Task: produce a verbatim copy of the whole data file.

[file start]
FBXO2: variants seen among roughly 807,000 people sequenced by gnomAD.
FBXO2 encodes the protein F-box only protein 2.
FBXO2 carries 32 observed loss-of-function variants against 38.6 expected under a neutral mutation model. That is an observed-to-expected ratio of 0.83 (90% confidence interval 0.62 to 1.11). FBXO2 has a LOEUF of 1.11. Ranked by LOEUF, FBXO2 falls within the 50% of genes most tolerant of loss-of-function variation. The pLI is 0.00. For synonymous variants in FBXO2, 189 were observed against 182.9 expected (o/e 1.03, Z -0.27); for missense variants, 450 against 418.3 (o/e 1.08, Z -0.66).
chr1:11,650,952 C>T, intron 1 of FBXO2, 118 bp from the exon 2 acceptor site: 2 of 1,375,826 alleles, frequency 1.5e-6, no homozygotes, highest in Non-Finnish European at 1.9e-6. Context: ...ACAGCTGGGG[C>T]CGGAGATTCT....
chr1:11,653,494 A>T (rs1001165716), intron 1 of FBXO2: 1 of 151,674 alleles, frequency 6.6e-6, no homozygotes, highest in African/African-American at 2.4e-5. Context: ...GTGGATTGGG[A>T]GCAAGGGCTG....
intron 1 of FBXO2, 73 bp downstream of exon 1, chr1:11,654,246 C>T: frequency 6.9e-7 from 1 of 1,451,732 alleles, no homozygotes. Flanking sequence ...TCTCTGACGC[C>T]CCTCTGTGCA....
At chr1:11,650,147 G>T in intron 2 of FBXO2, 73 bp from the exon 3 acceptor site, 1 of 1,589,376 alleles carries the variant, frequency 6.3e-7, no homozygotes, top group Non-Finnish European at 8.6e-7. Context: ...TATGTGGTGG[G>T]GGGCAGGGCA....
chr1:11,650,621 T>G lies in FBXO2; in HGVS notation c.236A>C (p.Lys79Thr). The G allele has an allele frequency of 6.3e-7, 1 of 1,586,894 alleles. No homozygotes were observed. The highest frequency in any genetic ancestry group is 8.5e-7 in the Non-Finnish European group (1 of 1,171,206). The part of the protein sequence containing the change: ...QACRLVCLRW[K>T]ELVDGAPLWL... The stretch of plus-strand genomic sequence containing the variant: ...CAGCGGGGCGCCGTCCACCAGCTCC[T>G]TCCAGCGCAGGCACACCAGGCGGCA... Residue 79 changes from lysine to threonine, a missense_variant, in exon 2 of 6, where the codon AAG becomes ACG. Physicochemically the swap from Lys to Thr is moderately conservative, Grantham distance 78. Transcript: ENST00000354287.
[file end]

FBXO2: variants seen among roughly 807,000 people sequenced by gnomAD.
FBXO2 encodes the protein F-box only protein 2.
FBXO2 carries 32 observed loss-of-function variants against 38.6 expected under a neutral mutation model. That is an observed-to-expected ratio of 0.83 (90% confidence interval 0.62 to 1.11). FBXO2 has a LOEUF of 1.11. Ranked by LOEUF, FBXO2 falls within the 50% of genes most tolerant of loss-of-function variation. The pLI is 0.00. For synonymous variants in FBXO2, 189 were observed against 182.9 expected (o/e 1.03, Z -0.27); for missense variants, 450 against 418.3 (o/e 1.08, Z -0.66).
chr1:11,650,952 C>T, intron 1 of FBXO2, 118 bp from the exon 2 acceptor site: 2 of 1,375,826 alleles, frequency 1.5e-6, no homozygotes, highest in Non-Finnish European at 1.9e-6. Context: ...ACAGCTGGGG[C>T]CGGAGATTCT....
chr1:11,653,494 A>T (rs1001165716), intron 1 of FBXO2: 1 of 151,674 alleles, frequency 6.6e-6, no homozygotes, highest in African/African-American at 2.4e-5. Context: ...GTGGATTGGG[A>T]GCAAGGGCTG....
intron 1 of FBXO2, 73 bp downstream of exon 1, chr1:11,654,246 C>T: frequency 6.9e-7 from 1 of 1,451,732 alleles, no homozygotes. Flanking sequence ...TCTCTGACGC[C>T]CCTCTGTGCA....
At chr1:11,650,147 G>T in intron 2 of FBXO2, 73 bp from the exon 3 acceptor site, 1 of 1,589,376 alleles carries the variant, frequency 6.3e-7, no homozygotes, top group Non-Finnish European at 8.6e-7. Context: ...TATGTGGTGG[G>T]GGGCAGGGCA....
chr1:11,650,621 T>G lies in FBXO2; in HGVS notation c.236A>C (p.Lys79Thr). The G allele has an allele frequency of 6.3e-7, 1 of 1,586,894 alleles. No homozygotes were observed. The highest frequency in any genetic ancestry group is 8.5e-7 in the Non-Finnish European group (1 of 1,171,206). The part of the protein sequence containing the change: ...QACRLVCLRW[K>T]ELVDGAPLWL... The stretch of plus-strand genomic sequence containing the variant: ...CAGCGGGGCGCCGTCCACCAGCTCC[T>G]TCCAGCGCAGGCACACCAGGCGGCA... Residue 79 changes from lysine to threonine, a missense_variant, in exon 2 of 6, where the codon AAG becomes ACG. Physicochemically the swap from Lys to Thr is moderately conservative, Grantham distance 78. Transcript: ENST00000354287.